St. Patrick’s Day is just around the corner and this weekend Academie Duello will be celebrating with CelticFest Vancouver. This Irish national holiday is celebrated in more countries around the world than any other national holiday. Countries such as Canada, Australia, New Zealand, Germany, America and the U.K. are all known to raise a glass of dyed-green beer on March 17th — and subsequently, these countries are also known to have the most cases of sick days called into work on March 18th.
Despite so many countries and people celebrating St. Patrick’s Day, not many people know much about the holiday, or about the man for whom it is named. Often when you ask what it’s all about, responses range from something along the lines of “St. Patrick was the guy who got rid of all the snakes in Ireland,” to “it’s about celebrating Ireland and Irish culture.” But who was St. Patrick, how did he become associated with the country of Ireland, and why has he come to represent the most widely internationally celebrated national holiday?
The Origins of Saint Patrick
The man who would come to be known as St. Patrick was neither Irish nor originally from Ireland. Patrick was born into a wealthy Roman-British family who owned a decent chunk of property and slaves off the coast of modern day England. He was born into privilege being the son (and grandson!) of well-off deacons and priests within the powerful Roman Catholic Church. His father was also a decurion — that is to say, an official in the provisional Roman government. This meant that Patrick and his ancestors were Roman citizens — which gave him and his family a badge of status and nobility. However this life of luxury was interrupted when Patrick was a teenager.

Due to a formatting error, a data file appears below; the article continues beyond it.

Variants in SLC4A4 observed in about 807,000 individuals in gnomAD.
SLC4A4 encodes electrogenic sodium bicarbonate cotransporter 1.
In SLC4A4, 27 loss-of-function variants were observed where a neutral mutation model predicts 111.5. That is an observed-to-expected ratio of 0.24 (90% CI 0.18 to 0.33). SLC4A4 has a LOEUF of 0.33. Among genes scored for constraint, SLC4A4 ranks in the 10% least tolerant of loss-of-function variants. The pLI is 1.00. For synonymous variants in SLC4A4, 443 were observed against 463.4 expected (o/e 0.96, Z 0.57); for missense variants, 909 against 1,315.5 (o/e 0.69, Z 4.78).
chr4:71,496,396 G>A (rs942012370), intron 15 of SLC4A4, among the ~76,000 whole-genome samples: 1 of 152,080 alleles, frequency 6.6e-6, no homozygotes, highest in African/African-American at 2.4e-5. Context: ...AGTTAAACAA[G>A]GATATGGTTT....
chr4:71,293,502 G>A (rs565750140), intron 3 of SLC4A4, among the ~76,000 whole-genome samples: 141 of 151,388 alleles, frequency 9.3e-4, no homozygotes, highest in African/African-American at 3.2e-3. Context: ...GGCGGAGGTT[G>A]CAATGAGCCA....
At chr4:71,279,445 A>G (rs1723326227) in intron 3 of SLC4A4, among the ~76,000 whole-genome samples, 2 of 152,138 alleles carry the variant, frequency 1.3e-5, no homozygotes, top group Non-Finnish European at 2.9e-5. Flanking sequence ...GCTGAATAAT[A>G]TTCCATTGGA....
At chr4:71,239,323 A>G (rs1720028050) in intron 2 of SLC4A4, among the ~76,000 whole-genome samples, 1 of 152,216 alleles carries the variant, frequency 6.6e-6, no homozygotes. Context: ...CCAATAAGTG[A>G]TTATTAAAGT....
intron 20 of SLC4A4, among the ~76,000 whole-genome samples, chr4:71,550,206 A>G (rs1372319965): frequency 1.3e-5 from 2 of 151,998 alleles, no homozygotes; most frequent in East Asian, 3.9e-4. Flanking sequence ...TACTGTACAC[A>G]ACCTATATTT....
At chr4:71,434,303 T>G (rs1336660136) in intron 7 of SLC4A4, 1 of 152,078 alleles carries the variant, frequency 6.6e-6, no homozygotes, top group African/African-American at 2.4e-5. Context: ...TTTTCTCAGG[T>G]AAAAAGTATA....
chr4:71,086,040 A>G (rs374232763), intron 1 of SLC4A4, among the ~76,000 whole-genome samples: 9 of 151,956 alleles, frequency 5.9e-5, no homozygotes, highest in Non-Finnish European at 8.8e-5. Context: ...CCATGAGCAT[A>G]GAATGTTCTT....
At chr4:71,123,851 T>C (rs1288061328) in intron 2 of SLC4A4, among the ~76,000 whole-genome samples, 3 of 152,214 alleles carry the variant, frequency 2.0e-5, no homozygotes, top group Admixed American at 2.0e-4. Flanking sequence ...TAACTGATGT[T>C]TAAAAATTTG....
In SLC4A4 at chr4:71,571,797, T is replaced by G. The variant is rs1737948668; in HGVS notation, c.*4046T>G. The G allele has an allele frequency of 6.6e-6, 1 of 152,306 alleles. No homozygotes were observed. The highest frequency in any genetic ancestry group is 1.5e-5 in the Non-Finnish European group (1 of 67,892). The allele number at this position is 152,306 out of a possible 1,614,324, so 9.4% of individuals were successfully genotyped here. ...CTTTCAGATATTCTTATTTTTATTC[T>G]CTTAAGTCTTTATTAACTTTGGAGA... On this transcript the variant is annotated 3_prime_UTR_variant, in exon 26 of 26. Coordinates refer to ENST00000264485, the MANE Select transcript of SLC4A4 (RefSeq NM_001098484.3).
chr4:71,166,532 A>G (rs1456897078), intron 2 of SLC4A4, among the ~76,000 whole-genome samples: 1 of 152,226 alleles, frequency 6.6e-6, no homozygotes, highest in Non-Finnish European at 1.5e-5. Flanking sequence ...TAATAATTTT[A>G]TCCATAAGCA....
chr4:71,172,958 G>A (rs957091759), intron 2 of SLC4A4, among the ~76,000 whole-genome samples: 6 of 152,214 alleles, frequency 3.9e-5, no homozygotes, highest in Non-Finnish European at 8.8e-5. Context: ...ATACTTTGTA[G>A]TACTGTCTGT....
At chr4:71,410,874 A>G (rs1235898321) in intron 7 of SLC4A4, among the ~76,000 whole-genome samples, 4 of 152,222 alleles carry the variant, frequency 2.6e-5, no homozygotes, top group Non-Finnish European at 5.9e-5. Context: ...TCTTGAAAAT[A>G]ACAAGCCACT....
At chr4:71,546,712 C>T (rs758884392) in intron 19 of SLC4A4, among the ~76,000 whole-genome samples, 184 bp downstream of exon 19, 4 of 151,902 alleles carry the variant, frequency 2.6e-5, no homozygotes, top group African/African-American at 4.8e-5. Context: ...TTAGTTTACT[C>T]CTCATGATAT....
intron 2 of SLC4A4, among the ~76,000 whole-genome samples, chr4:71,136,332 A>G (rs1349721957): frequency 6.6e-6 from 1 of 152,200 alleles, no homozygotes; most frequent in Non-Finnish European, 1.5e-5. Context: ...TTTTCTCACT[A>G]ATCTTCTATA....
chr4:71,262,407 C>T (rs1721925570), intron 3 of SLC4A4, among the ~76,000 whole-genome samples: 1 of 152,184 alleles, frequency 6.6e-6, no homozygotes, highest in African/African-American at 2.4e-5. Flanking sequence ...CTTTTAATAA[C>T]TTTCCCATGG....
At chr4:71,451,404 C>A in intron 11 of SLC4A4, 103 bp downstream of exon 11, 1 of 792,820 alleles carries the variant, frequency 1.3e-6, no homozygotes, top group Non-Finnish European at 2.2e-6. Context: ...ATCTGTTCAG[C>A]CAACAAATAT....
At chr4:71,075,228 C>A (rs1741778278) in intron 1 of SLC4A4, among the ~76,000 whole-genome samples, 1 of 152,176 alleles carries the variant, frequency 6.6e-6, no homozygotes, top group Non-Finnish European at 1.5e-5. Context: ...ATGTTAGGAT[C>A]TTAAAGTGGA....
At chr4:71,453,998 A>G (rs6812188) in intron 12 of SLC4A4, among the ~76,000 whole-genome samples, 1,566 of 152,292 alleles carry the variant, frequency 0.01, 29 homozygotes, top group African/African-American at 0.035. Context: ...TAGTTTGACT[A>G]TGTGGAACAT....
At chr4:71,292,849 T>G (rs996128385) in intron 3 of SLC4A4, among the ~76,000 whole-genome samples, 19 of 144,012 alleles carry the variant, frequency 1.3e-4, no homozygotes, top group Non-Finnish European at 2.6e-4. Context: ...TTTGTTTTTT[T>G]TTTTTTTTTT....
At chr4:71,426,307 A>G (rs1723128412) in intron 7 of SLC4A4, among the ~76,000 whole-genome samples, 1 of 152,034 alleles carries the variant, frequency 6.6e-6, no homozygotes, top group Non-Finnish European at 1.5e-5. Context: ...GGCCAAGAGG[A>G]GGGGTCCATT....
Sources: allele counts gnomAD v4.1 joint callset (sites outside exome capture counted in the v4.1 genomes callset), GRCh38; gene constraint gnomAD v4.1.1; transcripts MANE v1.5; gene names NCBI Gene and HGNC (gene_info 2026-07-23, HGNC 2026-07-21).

At the age of 16 Patrick was taken by Irish raiders and made to work as a herdsman in what is now known as County Antrim in Northern Ireland. Raids like this were somewhat common at the time. As the Roman Empire tried to spread itself even further than the shores of Britain, the Irish fought back against any Roman attempts at settlement. One method of resistance employed by the Irish was crossing the Irish Sea to sack the British settlements that could send potential Roman conquerers over to Ireland.
Patrick spent about six years in captivity working the fields of Antrim before the opportunity came for him to make an escape. He traveled down to a port where he found passage on ship and made his way back home to Roman Briton. A few years after his return he set off to Gaul to undertake his holy studies under the tutelage of St. Germanus. This town now bears the modern name of St. Patrice in France.
Patrick soon rose to be a star pupil of Germanus who decided to take his student back to England in order to snuff out the teachings of a “heretic” named Pelagius. Pelagius believed in free will and that people could attain salvation through our own efforts without God’s help. Pelagius preached that the image of God was within us, completely separated from the help of the Holy Spirit, the grace of the living God. This is why he was branded a heretic and why St. Germanus could not allow him to continue his teachings. It was during this time that Patrick began to gain the first-hand experience that would eventually lead him back to Ireland but this time, not as a captive, but as an ordained priest and with a few dozen missionaries by his side.